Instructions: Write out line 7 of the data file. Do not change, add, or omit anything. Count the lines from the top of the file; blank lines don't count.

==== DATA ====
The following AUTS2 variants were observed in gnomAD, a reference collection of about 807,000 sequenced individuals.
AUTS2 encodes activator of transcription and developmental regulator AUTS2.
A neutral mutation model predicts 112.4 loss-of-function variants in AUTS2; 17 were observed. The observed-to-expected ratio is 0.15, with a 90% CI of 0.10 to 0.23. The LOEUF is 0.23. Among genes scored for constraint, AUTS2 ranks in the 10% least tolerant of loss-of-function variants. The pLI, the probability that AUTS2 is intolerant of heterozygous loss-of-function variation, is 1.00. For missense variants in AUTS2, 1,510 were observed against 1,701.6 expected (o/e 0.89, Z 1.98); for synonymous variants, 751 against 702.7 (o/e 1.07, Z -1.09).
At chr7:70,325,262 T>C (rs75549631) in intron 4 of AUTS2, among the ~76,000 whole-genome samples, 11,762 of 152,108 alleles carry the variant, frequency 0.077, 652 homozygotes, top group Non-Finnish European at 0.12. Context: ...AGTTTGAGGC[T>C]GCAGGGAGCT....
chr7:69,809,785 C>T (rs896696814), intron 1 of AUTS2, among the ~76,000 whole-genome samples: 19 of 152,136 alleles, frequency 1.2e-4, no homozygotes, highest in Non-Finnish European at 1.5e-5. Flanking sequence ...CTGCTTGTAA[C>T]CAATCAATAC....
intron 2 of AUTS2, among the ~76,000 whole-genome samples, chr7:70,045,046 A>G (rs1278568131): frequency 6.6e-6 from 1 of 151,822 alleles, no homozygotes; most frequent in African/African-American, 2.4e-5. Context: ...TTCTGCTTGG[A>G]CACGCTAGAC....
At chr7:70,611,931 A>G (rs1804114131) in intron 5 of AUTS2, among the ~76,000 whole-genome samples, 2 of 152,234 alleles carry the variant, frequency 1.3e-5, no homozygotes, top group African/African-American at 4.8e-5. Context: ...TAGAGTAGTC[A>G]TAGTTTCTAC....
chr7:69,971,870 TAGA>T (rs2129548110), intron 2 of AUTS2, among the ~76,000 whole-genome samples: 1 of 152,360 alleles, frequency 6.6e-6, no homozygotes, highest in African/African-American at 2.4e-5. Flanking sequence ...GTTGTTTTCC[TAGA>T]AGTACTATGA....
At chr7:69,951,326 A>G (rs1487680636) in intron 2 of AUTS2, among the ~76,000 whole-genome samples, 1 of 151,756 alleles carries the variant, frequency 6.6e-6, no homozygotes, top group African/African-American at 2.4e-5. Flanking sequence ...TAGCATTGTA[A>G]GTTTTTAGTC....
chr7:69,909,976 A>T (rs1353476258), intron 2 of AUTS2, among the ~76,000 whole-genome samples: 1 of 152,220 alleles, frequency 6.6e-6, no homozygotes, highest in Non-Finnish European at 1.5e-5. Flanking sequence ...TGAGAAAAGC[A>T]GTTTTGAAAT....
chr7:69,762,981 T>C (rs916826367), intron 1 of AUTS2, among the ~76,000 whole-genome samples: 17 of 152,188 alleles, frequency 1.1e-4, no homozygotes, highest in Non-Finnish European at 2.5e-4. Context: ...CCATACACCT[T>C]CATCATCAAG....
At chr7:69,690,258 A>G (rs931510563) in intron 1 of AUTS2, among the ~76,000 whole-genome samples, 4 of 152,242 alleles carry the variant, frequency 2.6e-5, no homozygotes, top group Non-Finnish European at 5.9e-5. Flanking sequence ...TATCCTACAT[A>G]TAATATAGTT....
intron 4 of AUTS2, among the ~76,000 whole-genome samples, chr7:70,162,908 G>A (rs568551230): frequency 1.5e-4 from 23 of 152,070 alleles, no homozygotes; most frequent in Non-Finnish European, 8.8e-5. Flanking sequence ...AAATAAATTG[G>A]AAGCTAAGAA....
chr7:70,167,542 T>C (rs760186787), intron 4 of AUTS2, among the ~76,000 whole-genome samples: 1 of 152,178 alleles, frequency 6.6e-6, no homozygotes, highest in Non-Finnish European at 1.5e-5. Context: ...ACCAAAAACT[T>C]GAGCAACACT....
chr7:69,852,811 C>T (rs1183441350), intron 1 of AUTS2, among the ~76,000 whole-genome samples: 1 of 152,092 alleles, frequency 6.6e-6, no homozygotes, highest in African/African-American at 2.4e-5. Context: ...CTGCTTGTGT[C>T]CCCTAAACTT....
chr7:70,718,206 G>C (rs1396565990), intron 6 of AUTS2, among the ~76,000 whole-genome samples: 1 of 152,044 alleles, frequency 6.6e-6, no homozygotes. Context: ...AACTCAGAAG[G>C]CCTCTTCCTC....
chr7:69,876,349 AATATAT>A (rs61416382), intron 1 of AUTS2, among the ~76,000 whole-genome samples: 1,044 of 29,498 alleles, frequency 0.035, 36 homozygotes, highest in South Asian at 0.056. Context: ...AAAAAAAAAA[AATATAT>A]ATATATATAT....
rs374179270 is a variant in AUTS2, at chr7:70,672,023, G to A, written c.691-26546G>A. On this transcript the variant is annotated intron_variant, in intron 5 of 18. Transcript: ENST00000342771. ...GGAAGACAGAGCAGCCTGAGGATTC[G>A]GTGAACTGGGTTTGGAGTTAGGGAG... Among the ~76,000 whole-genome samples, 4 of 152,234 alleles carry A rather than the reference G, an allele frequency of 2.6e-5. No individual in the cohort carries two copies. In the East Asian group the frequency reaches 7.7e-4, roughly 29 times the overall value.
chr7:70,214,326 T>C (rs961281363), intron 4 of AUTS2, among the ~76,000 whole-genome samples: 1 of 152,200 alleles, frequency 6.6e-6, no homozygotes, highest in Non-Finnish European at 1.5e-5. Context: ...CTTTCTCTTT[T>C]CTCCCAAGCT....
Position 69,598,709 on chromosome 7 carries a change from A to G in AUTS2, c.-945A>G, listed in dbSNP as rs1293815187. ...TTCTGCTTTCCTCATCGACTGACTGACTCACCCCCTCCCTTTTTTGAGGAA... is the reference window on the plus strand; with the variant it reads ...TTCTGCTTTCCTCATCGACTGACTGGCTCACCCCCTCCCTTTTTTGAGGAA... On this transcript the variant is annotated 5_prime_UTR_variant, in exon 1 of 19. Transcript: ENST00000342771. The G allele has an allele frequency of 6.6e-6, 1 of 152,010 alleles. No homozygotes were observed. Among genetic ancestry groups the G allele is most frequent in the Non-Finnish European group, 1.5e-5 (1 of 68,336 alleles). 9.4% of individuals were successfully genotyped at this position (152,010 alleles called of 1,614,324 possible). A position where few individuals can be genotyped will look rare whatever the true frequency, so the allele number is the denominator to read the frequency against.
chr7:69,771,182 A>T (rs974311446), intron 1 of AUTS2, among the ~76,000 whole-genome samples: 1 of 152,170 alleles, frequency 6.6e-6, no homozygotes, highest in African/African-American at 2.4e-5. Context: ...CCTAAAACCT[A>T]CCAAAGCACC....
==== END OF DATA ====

At chr7:70,611,931 A>G (rs1804114131) in intron 5 of AUTS2, among the ~76,000 whole-genome samples, 2 of 152,234 alleles carry the variant, frequency 1.3e-5, no homozygotes, top group African/African-American at 4.8e-5. Context: ...TAGAGTAGTC[A>G]TAGTTTCTAC....